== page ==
To do so, you will need to provide accurate information about your income, outstanding debts and credit history. From that, lenders will make an educated guess about lending to you and let you know if you’ll be approved.

You can get pre-qualified with as many lenders as you would like. In their pre-approval offers, lenders will let you know the interest rate they intend to offer you, the loan amount you will be eligible for and any fees (like origination fees) you should expect to pay.

Load all this data into a spreadsheet, make a pros and cons list or just read through the offers carefully. Just be sure to analyze all the information thoroughly before making a decision.

Once you have settled on the right lender for your needs, you can begin the actual application process. As long as you didn’t fudge any numbers during pre-qualification, there shouldn’t be any surprises.

3. Improve Your Chances With a Secured Loan or Co-Borrower

While getting an unsecured personal loan by yourself is the ideal scenario, you can improve your chances for approval by applying for a secured loan or adding a co-borrower.

Secured Loans

By nature, debt consolidation loans are typically unsecured loans. That means the loans are not backed by any collateral, like a car or home. This makes the investment riskier to a lender.

Lenders do offer secured loan options for consolidating debt, meaning you could put up your assets as collateral. Doing so will generally get you a lower interest rate and improve your chances of being approved.

But it also comes with risks: If you default on your loan, you could lose the asset you put up as collateral.


Another option for improving your chances of loan approval is adding a co-borrower to the loan. Like a cosigner for student loans or a mortgage, the co-borrower on your personal loan can improve your chances if they have a stronger credit score and lower DTI ratio.

Finding a co-signer can be difficult, as this person takes on equal responsibility for the debt consolidation loan. As the borrower, you are risking someone else’s finances as well as your own.

4. Apply or Find an Alternative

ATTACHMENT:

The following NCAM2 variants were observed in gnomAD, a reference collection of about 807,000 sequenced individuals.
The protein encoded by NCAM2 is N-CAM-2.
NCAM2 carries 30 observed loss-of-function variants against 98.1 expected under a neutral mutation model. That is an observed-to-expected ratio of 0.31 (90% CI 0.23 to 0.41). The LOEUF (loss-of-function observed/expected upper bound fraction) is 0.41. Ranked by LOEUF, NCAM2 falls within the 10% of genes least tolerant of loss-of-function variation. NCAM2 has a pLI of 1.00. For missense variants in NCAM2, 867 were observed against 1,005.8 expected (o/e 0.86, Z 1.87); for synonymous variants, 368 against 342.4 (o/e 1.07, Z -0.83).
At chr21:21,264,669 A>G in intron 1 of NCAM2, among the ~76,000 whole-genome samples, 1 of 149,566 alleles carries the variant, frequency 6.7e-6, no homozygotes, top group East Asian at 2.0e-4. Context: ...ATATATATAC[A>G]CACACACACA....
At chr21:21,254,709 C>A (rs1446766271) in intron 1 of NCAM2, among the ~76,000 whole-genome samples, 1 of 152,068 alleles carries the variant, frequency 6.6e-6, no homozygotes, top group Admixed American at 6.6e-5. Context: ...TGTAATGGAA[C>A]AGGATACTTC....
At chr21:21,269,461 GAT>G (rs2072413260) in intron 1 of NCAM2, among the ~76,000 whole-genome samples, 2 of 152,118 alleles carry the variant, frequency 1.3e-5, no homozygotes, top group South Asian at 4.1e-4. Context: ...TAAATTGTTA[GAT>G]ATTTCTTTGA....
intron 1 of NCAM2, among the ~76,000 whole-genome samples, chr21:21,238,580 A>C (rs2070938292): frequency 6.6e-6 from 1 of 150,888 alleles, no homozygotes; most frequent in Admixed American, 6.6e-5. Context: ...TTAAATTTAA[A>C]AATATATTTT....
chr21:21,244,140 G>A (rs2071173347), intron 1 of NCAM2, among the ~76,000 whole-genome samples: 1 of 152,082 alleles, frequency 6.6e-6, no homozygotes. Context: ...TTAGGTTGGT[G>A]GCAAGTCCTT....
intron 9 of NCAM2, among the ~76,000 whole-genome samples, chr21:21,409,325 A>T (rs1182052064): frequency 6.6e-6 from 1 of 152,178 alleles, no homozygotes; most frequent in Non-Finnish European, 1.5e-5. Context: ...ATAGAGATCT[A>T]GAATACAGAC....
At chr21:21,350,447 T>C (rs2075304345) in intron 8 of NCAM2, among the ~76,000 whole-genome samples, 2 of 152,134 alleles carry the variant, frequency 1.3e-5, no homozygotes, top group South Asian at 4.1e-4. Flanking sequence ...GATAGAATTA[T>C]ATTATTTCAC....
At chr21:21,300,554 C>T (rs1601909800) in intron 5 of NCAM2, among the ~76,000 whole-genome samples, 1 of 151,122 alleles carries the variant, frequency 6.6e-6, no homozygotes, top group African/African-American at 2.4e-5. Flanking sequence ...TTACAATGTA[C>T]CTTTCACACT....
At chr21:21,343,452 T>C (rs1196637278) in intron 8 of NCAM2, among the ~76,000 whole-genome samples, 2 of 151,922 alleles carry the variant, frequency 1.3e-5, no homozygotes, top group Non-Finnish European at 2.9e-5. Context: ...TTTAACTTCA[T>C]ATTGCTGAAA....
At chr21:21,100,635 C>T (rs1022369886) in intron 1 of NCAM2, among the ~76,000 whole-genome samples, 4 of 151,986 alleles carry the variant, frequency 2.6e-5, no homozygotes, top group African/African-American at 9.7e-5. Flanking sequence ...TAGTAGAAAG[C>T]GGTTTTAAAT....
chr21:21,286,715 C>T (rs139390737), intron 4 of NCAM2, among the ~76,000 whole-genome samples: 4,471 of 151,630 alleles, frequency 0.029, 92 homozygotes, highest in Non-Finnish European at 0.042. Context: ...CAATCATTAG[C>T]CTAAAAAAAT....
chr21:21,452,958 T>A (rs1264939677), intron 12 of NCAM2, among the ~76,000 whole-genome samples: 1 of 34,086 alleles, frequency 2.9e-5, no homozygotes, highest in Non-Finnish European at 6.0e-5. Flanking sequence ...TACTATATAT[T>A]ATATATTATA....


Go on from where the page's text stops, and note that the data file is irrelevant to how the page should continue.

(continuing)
If you qualify for a debt consolidation loan that makes sense for you financially, begin the application process. If you don’t receive any offers, start considering debt consolidation loan alternatives — or revisit step 1 and begin building up your credit score even more before applying again.

Where to Get a Debt Consolidation Loan With Bad Credit

So you know what it takes to qualify for debt consolidation loans, but where do you even start your search? Here are a few places to look for a debt consolidation loan with bad credit:

Banks and Credit Unions

Often, borrowers will find the best debt consolidation loans at their own local banks or credit unions (or online financial institutions). Because borrowers already have a history with their banks or credit unions, they are likely to be more flexible with an approval.

If you are a member of a physical bank or credit union, schedule an appointment to talk with a loan officer about your options. You should be able to have an informal conversation without an impact on your credit score, and they can let you know what rates and terms you may qualify for.

Even if you bank exclusively online, most online financial institutions offer personal loans. You can chat online or through the bank’s mobile app, but you’ll learn more by calling and speaking with a customer service representative.

Online Lenders

Today, the market is saturated with online lenders willing to offer loans for bad credit borrowers. These lenders run the gamut from highly respected, trustworthy institutions to more shady lenders known for easy approvals but high interest rates.

We recommend sticking with lenders with strong online ratings on sites like Better Business Bureau and TrustPilot. In fact, we have a list of the best personal loans for fair credit (580 to 669), which is a good place to start your research.

Online Consolidation Loan Lenders at a Glance

Online Lender APR Range Loan Amounts Min. Credit Score


3.99%-35.99% APR

$1,000 to $50,000

300 (insufficient credit history accepted)


5.94% to 35.97%

$1,000 to $50,000


Rocket Loans

5.97% to 29.99%